Sophomore Turned Aside closes campaign with Aqueduct Turf Sprint Championship victory
by Brian Bohl
Turned Aside capitalized on a return to more hospitable surroundings, posting another victory on a New York Racing Association track, surging home a 1 1/4-length winner in Saturday’s $100,000 Aqueduct Turf Sprint Championship for 3-year-olds and up at the Big A.
The fourth running of the Aqueduct Turf Sprint Championship, one of four stakes on the 10-race card, saw Turned Aside track in third position under Jose Lezcano as 125-1 longshot Hollywood Talent and Sayaff dueled for the lead, with the opening quarter-mile in 22.45 seconds on the outer turf rated good.
Lezcano urged his charge up to second with the half-mile in 46.59 and took command out of the turn going three-wide, overtaking Hollywood Talent. Lezcano kept Turned Aside alert, repelling El Tormenta’s bid from the far outside under Dylan Davis, to complete the six-furlong course in 1:10.89.
“He broke good and he's a very nice horse,” Lezcano said. “He can run on anything. I got my position and let him grow into the race little by little. I let the two inside horses go and when it was time to go, I let him pick it up.”
Owned by the Estate of Paul Pompa, Jr., Turned Aside improved to 4-2-1 in nine career starts, with all four victories coming in New York, including two at the Big A and a victory in the Grade 3 Quick Call in July over the Saratoga turf.
Turned Aside, one of just two sophomores in the 10-horse field, did not start his 3-year-old campaign until June 19, when second in the Sir Cat on June 19. Facing older horses for the first time, the son of 2015 Triple Crown-winner American Pharoah ended his 2020 with a 2-1-0 record in four starts.
“It’s a big step up to run a 3-year-old against older horses and I thought this was a deep, competitive field,” said winning trainer Linda Rice said. “There were some really solid turf sprinters in here. It’s the end of the 3-year-old season, so we didn’t have very many options. This horse has trained outstanding all year.
“That’s the end of the turf season for us, so he will probably get a break at this point.”
After running fifth in the Grade 3 Franklin-Simpson on September 16 at Kentucky Downs – his first start outside of the Empire State – Turned Aside won for the third time in his last five races overall, returning $12 on a $2 win bet. Turned Aside improved his career bankroll to $241,967.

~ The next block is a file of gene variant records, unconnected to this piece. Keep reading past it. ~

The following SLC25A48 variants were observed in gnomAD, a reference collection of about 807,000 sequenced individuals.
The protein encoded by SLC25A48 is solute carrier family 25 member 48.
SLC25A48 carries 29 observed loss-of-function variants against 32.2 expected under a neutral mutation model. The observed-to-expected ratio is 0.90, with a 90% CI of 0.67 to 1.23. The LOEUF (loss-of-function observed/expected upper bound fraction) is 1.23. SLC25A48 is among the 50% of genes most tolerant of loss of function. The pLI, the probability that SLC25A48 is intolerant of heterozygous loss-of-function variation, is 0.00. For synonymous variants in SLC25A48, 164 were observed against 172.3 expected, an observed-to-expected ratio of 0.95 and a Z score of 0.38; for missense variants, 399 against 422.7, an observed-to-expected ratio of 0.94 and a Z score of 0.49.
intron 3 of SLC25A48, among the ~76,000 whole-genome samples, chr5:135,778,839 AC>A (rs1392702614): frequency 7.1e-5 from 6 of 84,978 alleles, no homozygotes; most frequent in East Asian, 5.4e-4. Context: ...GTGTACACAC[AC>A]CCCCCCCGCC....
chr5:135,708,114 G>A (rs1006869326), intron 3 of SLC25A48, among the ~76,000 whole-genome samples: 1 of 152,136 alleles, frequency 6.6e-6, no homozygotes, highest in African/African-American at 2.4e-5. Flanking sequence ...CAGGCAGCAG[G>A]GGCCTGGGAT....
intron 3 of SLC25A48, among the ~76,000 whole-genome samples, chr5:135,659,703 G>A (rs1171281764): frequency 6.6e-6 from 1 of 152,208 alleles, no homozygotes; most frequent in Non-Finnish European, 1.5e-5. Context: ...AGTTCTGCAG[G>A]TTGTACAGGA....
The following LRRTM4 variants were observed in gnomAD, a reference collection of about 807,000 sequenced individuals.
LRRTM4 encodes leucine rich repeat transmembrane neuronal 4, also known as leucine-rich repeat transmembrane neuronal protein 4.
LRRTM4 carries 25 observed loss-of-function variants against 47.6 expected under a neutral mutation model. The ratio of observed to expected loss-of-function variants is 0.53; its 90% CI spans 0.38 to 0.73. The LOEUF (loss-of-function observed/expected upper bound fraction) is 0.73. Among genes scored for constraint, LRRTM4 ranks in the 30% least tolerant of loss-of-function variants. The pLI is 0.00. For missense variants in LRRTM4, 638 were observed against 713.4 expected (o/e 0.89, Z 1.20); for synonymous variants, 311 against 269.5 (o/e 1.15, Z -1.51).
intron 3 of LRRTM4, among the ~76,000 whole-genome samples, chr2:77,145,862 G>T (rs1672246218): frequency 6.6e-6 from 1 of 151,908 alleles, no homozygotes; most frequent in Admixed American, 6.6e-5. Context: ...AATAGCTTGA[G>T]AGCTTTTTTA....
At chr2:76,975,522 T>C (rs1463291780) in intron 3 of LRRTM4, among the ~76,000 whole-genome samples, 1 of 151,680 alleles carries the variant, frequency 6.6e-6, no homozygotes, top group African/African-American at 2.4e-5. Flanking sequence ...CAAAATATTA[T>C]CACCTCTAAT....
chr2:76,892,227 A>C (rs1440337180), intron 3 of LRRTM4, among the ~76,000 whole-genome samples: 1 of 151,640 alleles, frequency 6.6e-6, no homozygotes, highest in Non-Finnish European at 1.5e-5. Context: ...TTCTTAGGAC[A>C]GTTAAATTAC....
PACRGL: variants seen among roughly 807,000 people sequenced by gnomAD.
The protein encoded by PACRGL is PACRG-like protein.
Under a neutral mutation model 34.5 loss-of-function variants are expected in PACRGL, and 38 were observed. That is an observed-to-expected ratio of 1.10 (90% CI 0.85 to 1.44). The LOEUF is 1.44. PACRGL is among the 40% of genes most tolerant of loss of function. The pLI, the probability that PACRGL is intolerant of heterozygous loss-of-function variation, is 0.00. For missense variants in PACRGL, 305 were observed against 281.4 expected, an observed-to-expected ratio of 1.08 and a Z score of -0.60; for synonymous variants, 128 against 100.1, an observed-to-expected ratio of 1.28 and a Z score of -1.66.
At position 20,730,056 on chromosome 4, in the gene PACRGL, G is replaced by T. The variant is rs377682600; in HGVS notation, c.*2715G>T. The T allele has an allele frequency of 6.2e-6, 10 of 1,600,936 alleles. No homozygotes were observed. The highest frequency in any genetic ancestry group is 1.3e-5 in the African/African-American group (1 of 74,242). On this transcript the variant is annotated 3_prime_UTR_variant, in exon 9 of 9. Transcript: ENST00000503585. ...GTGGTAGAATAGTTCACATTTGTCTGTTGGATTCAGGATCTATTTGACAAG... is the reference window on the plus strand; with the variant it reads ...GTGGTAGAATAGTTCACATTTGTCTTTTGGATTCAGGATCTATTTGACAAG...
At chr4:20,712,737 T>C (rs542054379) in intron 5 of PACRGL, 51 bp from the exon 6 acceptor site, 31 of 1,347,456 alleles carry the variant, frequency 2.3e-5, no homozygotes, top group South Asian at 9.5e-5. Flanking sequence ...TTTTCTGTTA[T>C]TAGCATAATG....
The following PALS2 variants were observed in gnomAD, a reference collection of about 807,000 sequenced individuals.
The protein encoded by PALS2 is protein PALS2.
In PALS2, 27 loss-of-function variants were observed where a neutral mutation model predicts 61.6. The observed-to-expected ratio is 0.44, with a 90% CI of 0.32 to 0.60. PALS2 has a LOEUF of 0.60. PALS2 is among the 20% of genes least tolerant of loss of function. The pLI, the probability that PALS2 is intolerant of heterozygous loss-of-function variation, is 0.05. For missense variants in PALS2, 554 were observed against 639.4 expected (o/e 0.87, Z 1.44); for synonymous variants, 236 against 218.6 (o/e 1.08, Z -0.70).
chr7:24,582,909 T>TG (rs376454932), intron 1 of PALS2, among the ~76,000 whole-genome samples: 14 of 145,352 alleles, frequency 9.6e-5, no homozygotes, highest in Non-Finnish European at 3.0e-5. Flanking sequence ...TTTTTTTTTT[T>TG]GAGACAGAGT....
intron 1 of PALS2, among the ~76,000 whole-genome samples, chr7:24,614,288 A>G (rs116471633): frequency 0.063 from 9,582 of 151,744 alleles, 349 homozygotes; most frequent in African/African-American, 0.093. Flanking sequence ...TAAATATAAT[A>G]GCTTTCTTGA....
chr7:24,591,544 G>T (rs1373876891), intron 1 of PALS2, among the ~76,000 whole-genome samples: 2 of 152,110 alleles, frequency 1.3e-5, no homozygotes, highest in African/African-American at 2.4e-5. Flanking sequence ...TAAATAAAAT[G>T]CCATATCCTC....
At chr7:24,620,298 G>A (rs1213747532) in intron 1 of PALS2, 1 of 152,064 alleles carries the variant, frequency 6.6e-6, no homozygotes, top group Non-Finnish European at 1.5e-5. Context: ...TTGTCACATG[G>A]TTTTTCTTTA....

“We took him to Kentucky Downs but he didn't care for the course, so we were hoping to turn him around to his previous form.
Rice said the victory was bittersweet, with Pompa, Jr. passing away in October.
“It brings tears to my eyes with his family here; his brothers, his wife and sons,” Rice said. “I just wish Paul could have been here today. He would have been so excited. Anyone who has crossed paths with Paul Pompa, I’m sure is going to miss him a lot. He was just a treasure to train for.”
Grade 1-winner El Tormenta, trained by Gail Cox, outkicked True Valour by one length for second.
“He was just trying to figure out some ground under him,” said Davis, who won three races on the day, including aboard Mutamakina in the Grade 3, $100,000 Long Island. “I think it was a little soft for him. I wanted to be a little bit closer but that's where we ended up. He made a good run coming on the outside. I really thought he was going to get up and win, but Lezcano found a little more with his horse.”
Therapist, Maxwell Esquire, Archidust, Battle Station, Lonhtwist, Hollywood Talent and the favorite Sayyaaf completed the order of finish.
Live racing resumes Sunday at Aqueduct with a 10-race card highlighted by the Grade 3, $100,000 Fall Highweight Handicap, the $100,000 Autumn Days and the $100,000 Tepin. First post is 11:50 a.m. Eastern.